Everybody is weary of the COVID-19 shutdown. Some show their weariness by refusing to mask up, daring other people to call them out and daring the virus to put them down. Others show weariness in their no-nonsense ways of working to keep the virus at bay.
From an anonymous bodega in New York City (I think). Here with some risk of losing our “family-friendly” rating.
What did Dallas look like the night of Friday, March 20, 2020? It was the first night of the “shelter in place” protocols in Dallas to try to stop the COVID-19 virus.
I’m a sucker for interesting drone photography. I love a video done to a good piece of music, and even better when it seems the music and the moving pictures take each other in their arms and dance through three or four minutes, putting a smile on our faces.
TheWellDelivers.com (@TheWellDelivers) put this together, with drone photography by Cash Sirois, and music by a band I don’t know, The Bastards of Soul.
And it’s close to perfection.
KERA-TV, our local public station, uses the film in the interstices between the end of a program that doesn’t quite fill its slot, and the next program’s start. I looked for it under KERA’s name, but couldn’t find it. KERA has a couple of other films I really like, including “The Million Dollar Monarch,” and “The Chip that Jack Built,” a joyful honorific to the Jack Kilby who invented the integrated circuit and won a Nobel for it.
But it’s unfindable from KERA’s site, for me. I caught the credits on one of those showings, and found it by looking for Cash Sirois.
(I hope Raul Malo comes back soon, on a night I can see him.)
A few other television stations have similar films about their cities. These could be a good geography exercise, or maybe part of a project if geography teachers still assign students to report on one state or city.
More likely, it’s just an enjoyable way to see some of the sights, and to get an idea of what it means to record history, to capture history in the making.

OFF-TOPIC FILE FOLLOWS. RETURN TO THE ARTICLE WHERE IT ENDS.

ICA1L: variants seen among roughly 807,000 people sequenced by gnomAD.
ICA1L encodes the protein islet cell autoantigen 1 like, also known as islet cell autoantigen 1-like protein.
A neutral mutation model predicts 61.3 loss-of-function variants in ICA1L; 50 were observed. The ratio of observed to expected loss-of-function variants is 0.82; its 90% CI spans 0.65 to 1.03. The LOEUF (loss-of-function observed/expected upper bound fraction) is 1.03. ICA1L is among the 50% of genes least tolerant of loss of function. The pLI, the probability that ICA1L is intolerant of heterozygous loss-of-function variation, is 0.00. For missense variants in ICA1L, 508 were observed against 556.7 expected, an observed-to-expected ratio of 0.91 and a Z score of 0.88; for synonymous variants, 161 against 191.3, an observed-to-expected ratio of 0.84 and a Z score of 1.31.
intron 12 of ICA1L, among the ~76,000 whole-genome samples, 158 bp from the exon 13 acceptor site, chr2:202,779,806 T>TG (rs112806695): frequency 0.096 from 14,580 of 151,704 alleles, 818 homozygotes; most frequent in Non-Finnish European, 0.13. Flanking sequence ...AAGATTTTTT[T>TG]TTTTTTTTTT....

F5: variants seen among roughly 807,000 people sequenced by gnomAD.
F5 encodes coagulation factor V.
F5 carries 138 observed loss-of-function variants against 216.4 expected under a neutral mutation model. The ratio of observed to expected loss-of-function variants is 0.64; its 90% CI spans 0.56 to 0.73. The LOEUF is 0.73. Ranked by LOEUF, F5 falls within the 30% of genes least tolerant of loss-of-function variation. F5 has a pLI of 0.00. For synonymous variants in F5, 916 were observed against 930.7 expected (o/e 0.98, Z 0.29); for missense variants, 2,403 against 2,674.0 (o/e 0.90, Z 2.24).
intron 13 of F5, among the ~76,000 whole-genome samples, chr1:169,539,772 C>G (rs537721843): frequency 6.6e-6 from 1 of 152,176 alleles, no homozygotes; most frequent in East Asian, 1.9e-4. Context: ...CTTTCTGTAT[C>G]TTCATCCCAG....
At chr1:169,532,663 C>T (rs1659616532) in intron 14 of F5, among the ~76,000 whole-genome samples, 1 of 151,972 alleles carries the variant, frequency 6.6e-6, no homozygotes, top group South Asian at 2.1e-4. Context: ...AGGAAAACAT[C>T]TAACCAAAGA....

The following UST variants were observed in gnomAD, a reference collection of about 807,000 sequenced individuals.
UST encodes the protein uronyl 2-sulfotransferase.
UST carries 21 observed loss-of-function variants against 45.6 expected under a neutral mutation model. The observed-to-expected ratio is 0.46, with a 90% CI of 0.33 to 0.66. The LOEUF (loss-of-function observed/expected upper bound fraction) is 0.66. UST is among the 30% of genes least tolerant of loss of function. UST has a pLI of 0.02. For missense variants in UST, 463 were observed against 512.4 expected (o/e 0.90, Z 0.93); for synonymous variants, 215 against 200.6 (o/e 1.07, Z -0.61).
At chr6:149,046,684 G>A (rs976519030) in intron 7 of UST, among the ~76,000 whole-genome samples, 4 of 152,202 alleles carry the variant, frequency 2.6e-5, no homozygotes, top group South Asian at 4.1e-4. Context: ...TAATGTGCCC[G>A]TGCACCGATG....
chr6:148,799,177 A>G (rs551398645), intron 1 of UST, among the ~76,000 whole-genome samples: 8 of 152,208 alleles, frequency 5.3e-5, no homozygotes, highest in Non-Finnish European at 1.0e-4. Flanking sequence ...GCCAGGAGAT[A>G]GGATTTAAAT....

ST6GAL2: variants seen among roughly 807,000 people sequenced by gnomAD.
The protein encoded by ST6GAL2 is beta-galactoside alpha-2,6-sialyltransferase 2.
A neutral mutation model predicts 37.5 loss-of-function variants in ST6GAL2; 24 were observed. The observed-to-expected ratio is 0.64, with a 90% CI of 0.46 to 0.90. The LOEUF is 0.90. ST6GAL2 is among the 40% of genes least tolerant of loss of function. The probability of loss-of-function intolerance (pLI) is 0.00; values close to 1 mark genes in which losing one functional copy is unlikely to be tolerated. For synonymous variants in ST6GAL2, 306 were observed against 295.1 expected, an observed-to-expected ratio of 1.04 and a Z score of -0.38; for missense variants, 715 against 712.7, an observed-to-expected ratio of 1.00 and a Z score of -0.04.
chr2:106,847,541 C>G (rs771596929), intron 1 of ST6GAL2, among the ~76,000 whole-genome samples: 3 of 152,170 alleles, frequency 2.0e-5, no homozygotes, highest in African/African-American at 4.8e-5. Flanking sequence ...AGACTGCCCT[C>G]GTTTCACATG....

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We've been soaking in the Bathtub for several months, long enough that some of the links we've used have gone to the Great Internet in the Sky.
If you find a dead link, please leave a comment to that post, and tell us what link has expired.
Retired teacher of law, economics, history, AP government, psychology and science. Former speechwriter, press guy and legislative aide in U.S. Senate. Former Department of Education. Former airline real estate, telecom towers, Big 6 (that old!) consultant. Lab and field research in air pollution control.
My blog, Millard Fillmore's Bathtub, is a continuing experiment to test how to use blogs to improve and speed up learning processes for students, perhaps by making some of the courses actually interesting. It is a blog for teachers, to see if we can use blogs. It is for people interested in social studies and social studies education, to see if we can learn to get it right. It's a blog for science fans, to promote good science and good science policy. It's a blog for people interested in good government and how to achieve it.
BS in Mass Communication, University of Utah
Graduate study in Rhetoric and Speech Communication, University of Arizona
JD from the National Law Center, George Washington University